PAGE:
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RAF Hutton Cranswick

Royal Air Force Hutton Cranswick or more RAF Hutton Cranswick is a former Royal Air Force station located to the south of Driffield and south west of the village of Hutton Cranswick in the East Riding of Yorkshire, opened in 1942 and closed in 1946. RAF Hutton Cranswick opened in January 1942 as a fighter airfield within No. 12 Group RAF. Unusually for the time its three runways were concrete "from new", many airfields were built with grass runways which were upgraded to concrete. Many squadrons rotated through the airfield including 610, 19, 308, 316, 195, 306, 302, 315, 234, 168 and No. 170 Squadron RAF. From December 1943 the Anti Aircraft Co-operation 291 Squadron was formed at the airfield for target towing and similar uses. Whilst in use by 291 other fighter squadrons continued to rotate through including 401, 403, 412, 441, 442, 443 and 439 using Hawker Typhoons; the final unit to operate from Hutton Cranswick was No. 124 Squadron RAF using Spitfire IXs. Hutton Cranswick was used by No. 16 Armament Practice Camp RAF for about a year until it closed in mid 1946.

A number of other units used the airfield: No. 2 Operational Training Unit RAF No. 2 Tactical Exercise Unit RAF No. 4 Aircraft Delivery Flight RAF No. 6 Anti-Aircraft Co-operation Unit RAF No. 8 Fighter Command Servicing Unit RAF No. 13 Fighter Command Servicing Unit RAF No. 123 Airfield 885 Naval Air Squadron No. 1489 Gunnery Flight RAF No. 1495 Flight RAF No. 1613 Flight RAF No. 1629 Flight RAF No. 1634 Flight RAF No. 2731 Squadron RAF Regiment No. 2739 Squadron RAF Regiment No. 2805 Squadron RAF Regiment The site is now used for farming and light industrial work

Syro-Malabar Catholic Eparchy of Idukki

The Marthoma Nazrani Eparchy of Idukki is a suffragan eparchy in southern India, in the proper ecclesiastical province of the Major Archdiocese of Eranakulam-Angamaly, which heads the entire Syro-Malabar Catholic Church, hence dependent on the Roman Congregation for the Oriental Churches. Its cathedral episcopal see is Saint George's Cathedral Vazhathoppe, in Idukki township, in Kerala state; the creation of the diocese on 2003.01.15, as the twenty-sixth eparchy of the Syro-Malabar Catholic Church, on territory split off from the Major Archdiocese of Ernakulam–Angamaly is contained in an Apostolic Constitution Maturescens catholica fideis put forth by Pope John Paul II in December 2002. It started with mission stations; as per 2015, it pastorally served 266,600 Catholics on 3,000 km² in 155 parishes with 573 priests, 1,306 lay religious and 86 seminarians. Suffragan Eparchs of IdukkiFirst Bishop Avoon Mar Mathew Anikuzhikattil, originated from the diocese of Kothamangalam Present Avoon Mar John Nellikunnel.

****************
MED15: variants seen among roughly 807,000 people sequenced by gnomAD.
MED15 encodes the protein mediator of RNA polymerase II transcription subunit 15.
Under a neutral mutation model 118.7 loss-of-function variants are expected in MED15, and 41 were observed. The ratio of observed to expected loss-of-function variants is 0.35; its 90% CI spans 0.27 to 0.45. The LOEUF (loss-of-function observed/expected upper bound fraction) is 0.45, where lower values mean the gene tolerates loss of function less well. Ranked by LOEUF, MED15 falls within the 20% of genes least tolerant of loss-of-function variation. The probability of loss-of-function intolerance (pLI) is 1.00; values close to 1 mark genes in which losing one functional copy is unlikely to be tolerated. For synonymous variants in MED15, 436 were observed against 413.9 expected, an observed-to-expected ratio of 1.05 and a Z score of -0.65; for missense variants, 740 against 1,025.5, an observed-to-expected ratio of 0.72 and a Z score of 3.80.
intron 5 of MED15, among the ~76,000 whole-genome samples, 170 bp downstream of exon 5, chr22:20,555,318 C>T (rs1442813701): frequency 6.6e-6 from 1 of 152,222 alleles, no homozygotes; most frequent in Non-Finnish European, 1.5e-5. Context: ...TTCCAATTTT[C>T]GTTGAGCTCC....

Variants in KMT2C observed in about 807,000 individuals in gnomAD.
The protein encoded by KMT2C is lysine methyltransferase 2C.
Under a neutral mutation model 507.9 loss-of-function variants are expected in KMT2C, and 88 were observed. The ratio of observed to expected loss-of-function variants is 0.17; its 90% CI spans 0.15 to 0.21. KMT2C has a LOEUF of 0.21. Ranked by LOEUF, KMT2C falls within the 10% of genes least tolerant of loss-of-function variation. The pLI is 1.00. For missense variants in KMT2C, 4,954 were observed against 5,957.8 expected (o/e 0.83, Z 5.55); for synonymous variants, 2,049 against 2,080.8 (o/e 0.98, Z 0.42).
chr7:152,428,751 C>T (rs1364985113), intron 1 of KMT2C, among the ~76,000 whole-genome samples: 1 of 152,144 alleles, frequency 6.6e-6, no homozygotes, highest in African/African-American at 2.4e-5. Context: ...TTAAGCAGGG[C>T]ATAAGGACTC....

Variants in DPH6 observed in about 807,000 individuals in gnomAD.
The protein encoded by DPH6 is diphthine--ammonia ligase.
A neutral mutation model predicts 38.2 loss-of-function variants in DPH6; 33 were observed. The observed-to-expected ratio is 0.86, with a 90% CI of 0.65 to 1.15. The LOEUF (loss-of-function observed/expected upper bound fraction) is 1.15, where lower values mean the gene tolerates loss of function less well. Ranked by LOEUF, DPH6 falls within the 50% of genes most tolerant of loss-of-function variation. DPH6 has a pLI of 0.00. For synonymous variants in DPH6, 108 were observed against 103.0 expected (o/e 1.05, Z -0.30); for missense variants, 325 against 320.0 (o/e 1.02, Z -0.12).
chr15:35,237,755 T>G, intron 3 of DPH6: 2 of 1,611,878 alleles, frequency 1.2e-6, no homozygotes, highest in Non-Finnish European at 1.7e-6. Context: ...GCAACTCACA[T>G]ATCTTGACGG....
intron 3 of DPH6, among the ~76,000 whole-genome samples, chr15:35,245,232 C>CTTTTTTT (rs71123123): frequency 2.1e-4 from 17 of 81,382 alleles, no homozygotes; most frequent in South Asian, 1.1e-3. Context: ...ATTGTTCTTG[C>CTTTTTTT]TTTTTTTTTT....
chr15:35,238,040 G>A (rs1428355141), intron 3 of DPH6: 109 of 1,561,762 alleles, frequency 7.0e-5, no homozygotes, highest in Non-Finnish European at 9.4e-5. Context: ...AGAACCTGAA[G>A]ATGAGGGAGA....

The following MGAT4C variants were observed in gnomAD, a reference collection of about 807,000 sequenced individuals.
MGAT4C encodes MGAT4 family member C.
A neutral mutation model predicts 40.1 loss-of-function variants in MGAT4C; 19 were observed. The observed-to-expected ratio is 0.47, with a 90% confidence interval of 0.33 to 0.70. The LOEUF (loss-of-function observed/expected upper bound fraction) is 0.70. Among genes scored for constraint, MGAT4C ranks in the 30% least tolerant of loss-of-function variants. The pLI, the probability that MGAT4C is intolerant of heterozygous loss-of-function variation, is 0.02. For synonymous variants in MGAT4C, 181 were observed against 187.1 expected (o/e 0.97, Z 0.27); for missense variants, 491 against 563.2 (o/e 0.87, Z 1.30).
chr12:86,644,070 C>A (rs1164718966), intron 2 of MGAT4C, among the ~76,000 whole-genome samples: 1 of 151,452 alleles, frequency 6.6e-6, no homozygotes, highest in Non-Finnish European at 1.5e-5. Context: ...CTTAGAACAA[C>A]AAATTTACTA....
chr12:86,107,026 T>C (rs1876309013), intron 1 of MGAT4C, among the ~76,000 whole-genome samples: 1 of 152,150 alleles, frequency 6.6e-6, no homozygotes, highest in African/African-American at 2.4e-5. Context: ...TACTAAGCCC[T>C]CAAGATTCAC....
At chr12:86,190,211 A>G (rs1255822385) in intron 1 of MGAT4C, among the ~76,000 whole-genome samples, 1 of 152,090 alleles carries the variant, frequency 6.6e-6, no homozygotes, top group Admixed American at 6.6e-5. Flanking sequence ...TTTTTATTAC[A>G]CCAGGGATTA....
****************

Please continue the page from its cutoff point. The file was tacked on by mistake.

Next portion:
GCatholic, with Google HQ satellite picture - data for all sections official diocesan website, with map, diocesan chronicle etc. Archdiocese of Ernakulam Catholic-Hierarchy


The mobilized colistin resistance gene confers plasmid-mediated resistance to colistin, one of a number of last-resort antibiotics for treating Gram-negative infections. Mcr-1, the original variant, is capable of horizontal transfer between different strains of a bacterial species. After discovery in November 2015 in E. coli from a pig in China it has been found in Escherichia coli, Salmonella enterica, Klebsiella pneumoniae, Enterobacter aerogenes, Enterobacter cloacae. As of 2017, it has been detected in more than 30 countries on 5 continents in less than a year; the "mobilized colistin resistance" gene confers plasmid-mediated resistance to colistin, a polymyxin and one of a number of last-resort antibiotics for treating infections. The gene is found in no less than ten species of the Enterobacteriaceae: Escherichia coli, Klebsiella pneumoniae, Enterobacter aerogenes, Enterobacter cloacae, Cronobacter sakazakii, Shigella sonnei, Kluyvera species, Citrobacter species, Raoultella ornithinolytica.

The mechanism of resistance of the MCR gene is a phosphatidylethanolamine transferase. The enzyme transfers a phosphoethanolamine residue to the lipid A present in the cell membrane of gram-negative bacteria; the altered lipid A has much lower affinity for colistin and related polymyxins resulting in reduced activity of the antimicrobial. This type of resistance is known as target modification. Although the same mechanism has been observed before with enzymes like eptA, mcr-1 is the first polymyxin resistance gene known to be capable of horizontal transfer between different strains of a bacterial species; the gene was first discovered in E. coli from a pig in China April 2011 and published in November 2015. It was identified by independent researchers in human samples from Malaysia, England and the United States. In April 2016, a 49-year-old woman sought medical care at a Pennsylvania clinic for UTI symptoms. PCR of an E. coli isolate cultured from her urine revealed the mcr-1 gene for the first time in the United States, the CDC sent an alert to health care facilities.